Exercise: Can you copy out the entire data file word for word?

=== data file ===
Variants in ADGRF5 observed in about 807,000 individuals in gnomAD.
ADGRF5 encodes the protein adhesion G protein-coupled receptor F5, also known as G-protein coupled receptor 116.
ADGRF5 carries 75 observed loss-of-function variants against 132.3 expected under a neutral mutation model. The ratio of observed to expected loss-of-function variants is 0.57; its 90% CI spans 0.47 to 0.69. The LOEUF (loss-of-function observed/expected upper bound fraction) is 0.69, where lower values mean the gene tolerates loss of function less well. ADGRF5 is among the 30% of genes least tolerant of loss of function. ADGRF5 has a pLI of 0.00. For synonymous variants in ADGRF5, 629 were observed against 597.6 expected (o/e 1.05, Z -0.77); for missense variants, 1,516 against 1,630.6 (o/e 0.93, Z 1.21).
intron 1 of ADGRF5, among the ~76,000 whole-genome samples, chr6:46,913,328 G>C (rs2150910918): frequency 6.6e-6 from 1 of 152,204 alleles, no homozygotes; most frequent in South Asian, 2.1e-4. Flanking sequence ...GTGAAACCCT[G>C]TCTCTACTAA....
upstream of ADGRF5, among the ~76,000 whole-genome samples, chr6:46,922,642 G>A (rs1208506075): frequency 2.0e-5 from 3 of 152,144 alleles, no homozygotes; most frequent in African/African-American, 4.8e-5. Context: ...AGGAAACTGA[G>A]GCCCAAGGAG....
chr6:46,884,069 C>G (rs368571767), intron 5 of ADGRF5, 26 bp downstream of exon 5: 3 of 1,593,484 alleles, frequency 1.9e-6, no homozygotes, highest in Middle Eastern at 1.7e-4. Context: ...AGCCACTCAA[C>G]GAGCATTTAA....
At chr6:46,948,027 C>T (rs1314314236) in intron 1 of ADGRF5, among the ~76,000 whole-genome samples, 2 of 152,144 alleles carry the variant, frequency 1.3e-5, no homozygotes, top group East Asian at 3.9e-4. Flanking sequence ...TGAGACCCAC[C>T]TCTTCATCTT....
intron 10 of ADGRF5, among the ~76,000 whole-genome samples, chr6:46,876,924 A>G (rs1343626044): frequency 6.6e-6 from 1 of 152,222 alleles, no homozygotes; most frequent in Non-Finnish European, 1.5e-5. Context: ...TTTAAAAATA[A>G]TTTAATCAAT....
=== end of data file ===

Variants in ADGRF5 observed in about 807,000 individuals in gnomAD.
ADGRF5 encodes the protein adhesion G protein-coupled receptor F5, also known as G-protein coupled receptor 116.
ADGRF5 carries 75 observed loss-of-function variants against 132.3 expected under a neutral mutation model. The ratio of observed to expected loss-of-function variants is 0.57; its 90% CI spans 0.47 to 0.69. The LOEUF (loss-of-function observed/expected upper bound fraction) is 0.69, where lower values mean the gene tolerates loss of function less well. ADGRF5 is among the 30% of genes least tolerant of loss of function. ADGRF5 has a pLI of 0.00. For synonymous variants in ADGRF5, 629 were observed against 597.6 expected (o/e 1.05, Z -0.77); for missense variants, 1,516 against 1,630.6 (o/e 0.93, Z 1.21).
intron 1 of ADGRF5, among the ~76,000 whole-genome samples, chr6:46,913,328 G>C (rs2150910918): frequency 6.6e-6 from 1 of 152,204 alleles, no homozygotes; most frequent in South Asian, 2.1e-4. Flanking sequence ...GTGAAACCCT[G>C]TCTCTACTAA....
upstream of ADGRF5, among the ~76,000 whole-genome samples, chr6:46,922,642 G>A (rs1208506075): frequency 2.0e-5 from 3 of 152,144 alleles, no homozygotes; most frequent in African/African-American, 4.8e-5. Context: ...AGGAAACTGA[G>A]GCCCAAGGAG....
chr6:46,884,069 C>G (rs368571767), intron 5 of ADGRF5, 26 bp downstream of exon 5: 3 of 1,593,484 alleles, frequency 1.9e-6, no homozygotes, highest in Middle Eastern at 1.7e-4. Context: ...AGCCACTCAA[C>G]GAGCATTTAA....
At chr6:46,948,027 C>T (rs1314314236) in intron 1 of ADGRF5, among the ~76,000 whole-genome samples, 2 of 152,144 alleles carry the variant, frequency 1.3e-5, no homozygotes, top group East Asian at 3.9e-4. Flanking sequence ...TGAGACCCAC[C>T]TCTTCATCTT....
intron 10 of ADGRF5, among the ~76,000 whole-genome samples, chr6:46,876,924 A>G (rs1343626044): frequency 6.6e-6 from 1 of 152,222 alleles, no homozygotes; most frequent in Non-Finnish European, 1.5e-5. Context: ...TTTAAAAATA[A>G]TTTAATCAAT....